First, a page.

I am interested in religion as a broad and complex social and cultural phenomenon that both generates law and is regulated by law. My particular research focus is in understanding the phenomenology of religion under the modern rule of law. I have training in law and in religious studies and have taught both in law school and in religious studies departments.
My training in the academic study of religion is in two fields, American religious history and the comparative study of religion.
I am the author of three books analyzing legal discourses about religion in the context of actions brought to enforce the religion clauses of the First Amendment and related legislation: Paying the Words Extra: Religious Discourse in the Supreme Court of the United States (Harvard 1994), The Impossibility of Religious Freedom (Princeton 2005), and Prison Religion: Faith-based Reform and the Constitution (Princeton 2009).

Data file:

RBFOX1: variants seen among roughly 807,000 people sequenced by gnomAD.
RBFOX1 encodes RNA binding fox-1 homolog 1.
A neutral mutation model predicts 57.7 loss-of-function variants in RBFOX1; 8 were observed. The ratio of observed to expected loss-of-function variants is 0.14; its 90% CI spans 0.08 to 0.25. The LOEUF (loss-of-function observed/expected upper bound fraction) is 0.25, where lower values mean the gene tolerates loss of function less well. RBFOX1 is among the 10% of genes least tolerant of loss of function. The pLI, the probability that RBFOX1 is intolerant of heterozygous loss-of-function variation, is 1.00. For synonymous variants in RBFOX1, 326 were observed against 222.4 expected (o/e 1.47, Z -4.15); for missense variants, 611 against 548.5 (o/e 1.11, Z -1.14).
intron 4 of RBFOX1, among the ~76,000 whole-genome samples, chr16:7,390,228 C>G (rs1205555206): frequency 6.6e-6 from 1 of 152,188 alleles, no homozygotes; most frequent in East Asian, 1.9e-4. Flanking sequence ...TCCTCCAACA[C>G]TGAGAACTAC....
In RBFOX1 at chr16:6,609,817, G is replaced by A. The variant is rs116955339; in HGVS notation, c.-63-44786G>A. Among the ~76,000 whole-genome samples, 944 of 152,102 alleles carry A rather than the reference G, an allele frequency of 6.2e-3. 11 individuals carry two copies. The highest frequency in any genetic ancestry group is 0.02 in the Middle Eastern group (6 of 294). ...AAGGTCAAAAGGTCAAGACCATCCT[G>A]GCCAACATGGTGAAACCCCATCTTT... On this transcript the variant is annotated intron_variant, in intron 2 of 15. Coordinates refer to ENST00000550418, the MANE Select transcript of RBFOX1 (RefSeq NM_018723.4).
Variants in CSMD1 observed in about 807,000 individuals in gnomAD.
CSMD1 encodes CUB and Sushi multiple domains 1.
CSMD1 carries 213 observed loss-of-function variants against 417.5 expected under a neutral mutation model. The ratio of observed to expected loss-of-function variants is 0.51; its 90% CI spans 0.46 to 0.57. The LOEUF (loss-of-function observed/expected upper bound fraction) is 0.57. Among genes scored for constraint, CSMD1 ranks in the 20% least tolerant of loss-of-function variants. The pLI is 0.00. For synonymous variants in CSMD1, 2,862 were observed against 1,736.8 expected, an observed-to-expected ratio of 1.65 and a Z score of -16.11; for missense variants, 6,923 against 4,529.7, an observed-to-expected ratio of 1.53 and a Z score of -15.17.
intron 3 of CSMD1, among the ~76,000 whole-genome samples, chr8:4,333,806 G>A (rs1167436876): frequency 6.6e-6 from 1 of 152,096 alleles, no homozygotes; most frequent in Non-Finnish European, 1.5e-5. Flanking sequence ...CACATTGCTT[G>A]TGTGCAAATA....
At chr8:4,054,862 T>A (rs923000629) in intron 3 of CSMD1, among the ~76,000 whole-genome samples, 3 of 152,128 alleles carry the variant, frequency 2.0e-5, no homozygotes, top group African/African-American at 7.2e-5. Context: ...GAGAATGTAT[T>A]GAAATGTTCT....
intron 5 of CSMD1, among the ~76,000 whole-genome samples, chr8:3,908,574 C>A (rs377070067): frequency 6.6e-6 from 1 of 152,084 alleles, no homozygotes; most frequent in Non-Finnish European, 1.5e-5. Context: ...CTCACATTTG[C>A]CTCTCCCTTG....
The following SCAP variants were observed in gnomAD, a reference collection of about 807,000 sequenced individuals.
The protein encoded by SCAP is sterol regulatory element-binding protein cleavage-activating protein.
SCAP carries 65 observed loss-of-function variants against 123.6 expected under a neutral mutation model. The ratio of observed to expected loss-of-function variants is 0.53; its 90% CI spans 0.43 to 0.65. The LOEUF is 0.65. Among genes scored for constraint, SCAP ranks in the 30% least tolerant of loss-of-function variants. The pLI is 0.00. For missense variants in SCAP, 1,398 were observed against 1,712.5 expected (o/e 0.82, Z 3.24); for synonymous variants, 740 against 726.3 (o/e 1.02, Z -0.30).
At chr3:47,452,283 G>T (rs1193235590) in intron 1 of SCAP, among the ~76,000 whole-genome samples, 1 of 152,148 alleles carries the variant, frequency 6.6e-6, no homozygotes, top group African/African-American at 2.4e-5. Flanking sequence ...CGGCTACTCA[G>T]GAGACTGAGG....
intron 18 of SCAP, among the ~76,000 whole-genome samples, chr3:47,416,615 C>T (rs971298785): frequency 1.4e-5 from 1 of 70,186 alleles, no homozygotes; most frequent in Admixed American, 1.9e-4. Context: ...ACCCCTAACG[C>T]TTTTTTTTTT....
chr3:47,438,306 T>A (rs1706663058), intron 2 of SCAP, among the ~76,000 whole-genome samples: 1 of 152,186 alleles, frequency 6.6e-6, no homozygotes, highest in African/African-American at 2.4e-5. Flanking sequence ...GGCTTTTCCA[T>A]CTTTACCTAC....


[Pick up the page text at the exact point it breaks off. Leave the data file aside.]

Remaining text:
At Indiana I teach courses on religion and law, the politics of religious freedom, the history and phenomenology of Christmas as a church/state event, the trial of Joan of Arc, and contemporary theories of religion.
Her research interests include the intersection of law and religion in the modern period, the phenomenology of modern religion as it is shaped in its encounter with law, comparative study of religion and the law, and anthropology of law.